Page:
You are here

Saddle Maker Tom Milton Dies

Published April 26, 2010

FAIRFIELD, CA (BRAIN)—Tom Milton, the man behind the Selle An-Atomica road saddle, died on Sunday while riding the Devil Mountain Double century in the Bay Area. Milton was 56 years old.

Several riders attempted giving him CPR as did paramedics, but Milton didn’t respond. Milton may have died of a heart attack, authorities said.

“He was famous for bending ears,” said Larry Black, founder of Maryland’s Mt. Airy Bicycles & Fitness, who met him six years ago at a California bike show. “We were one of the first adopters of his saddle.”

Milton wasn’t only a third generation engineer, but also an avid cyclist. In 2008 Milton completed 11 California double century events, rode from Sacramento to L.A. a couple times and did 600 miles in four days.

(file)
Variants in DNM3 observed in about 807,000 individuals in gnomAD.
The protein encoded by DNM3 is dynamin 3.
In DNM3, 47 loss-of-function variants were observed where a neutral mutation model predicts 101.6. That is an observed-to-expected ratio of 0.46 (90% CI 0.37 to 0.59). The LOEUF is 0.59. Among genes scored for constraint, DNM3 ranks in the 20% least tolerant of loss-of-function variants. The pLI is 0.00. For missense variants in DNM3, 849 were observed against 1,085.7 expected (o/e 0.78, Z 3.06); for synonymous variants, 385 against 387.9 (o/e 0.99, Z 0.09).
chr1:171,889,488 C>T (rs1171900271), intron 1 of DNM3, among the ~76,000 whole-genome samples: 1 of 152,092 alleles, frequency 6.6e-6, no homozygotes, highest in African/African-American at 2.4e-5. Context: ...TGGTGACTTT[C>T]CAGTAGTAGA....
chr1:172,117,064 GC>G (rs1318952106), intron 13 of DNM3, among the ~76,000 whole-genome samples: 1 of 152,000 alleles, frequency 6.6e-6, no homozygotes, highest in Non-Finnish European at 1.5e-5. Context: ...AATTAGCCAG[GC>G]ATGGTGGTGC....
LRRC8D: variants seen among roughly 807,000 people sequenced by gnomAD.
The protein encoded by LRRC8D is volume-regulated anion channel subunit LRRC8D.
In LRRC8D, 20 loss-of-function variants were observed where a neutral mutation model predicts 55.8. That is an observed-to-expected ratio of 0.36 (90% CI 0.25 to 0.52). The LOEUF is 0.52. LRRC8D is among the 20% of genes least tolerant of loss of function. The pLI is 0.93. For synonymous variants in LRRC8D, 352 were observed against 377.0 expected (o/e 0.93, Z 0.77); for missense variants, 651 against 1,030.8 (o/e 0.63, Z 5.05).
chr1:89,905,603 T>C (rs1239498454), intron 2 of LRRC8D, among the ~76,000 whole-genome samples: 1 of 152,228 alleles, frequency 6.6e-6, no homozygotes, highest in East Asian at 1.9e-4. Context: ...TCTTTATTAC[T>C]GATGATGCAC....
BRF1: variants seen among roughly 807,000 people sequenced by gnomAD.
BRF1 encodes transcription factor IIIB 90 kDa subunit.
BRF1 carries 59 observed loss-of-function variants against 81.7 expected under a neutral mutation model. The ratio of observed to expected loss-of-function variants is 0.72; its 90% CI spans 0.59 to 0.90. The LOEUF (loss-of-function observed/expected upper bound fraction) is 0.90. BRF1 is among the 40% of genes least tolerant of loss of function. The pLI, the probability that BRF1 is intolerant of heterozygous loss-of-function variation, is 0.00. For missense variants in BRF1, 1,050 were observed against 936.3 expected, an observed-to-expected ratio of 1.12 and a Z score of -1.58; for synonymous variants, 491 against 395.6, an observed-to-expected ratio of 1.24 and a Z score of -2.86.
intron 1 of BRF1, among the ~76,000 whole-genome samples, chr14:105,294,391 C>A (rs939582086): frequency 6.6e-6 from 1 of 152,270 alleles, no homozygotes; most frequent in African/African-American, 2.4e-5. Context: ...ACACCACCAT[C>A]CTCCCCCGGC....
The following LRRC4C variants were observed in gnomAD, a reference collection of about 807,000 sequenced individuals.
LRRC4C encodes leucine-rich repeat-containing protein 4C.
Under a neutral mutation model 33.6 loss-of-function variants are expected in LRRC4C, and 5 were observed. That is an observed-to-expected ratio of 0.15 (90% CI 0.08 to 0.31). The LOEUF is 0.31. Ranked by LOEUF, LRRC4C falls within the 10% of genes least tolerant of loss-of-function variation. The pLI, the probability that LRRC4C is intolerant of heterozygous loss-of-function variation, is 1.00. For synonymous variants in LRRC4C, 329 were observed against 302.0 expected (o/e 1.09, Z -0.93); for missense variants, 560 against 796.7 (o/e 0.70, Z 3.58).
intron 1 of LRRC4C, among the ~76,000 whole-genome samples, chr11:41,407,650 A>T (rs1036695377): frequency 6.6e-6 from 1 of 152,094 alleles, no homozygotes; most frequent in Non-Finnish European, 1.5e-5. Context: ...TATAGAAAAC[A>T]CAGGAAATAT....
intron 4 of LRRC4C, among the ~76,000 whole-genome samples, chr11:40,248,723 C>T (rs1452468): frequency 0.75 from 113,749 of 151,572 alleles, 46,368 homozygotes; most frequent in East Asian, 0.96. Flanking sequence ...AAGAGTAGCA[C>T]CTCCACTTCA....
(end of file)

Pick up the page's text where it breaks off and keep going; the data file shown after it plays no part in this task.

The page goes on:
Milton’s saddle patent (7,341,308) published in 2008 (filed in 2005) improved a molded leather bicycle saddle by providing a carefully designed slot between the nose of the saddle and the rear of the seat portion.

Selle An-Atomica completed its first year in limited release October 2005. The saddles were ridden an estimated 800,000 – 1,200,000 miles by consumers. Although Milton’s office was in Northern California, his saddles were made in Wisconsin.

What made the saddle so special was Milton himself. “Tom’s pitch,” Black said. “He had the pitch. He was convincing.”

For more on the life of Milton be sure to read the May 15 issue of Bicycle Retailer and Industry News.

—Jason Norman

Join the Conversation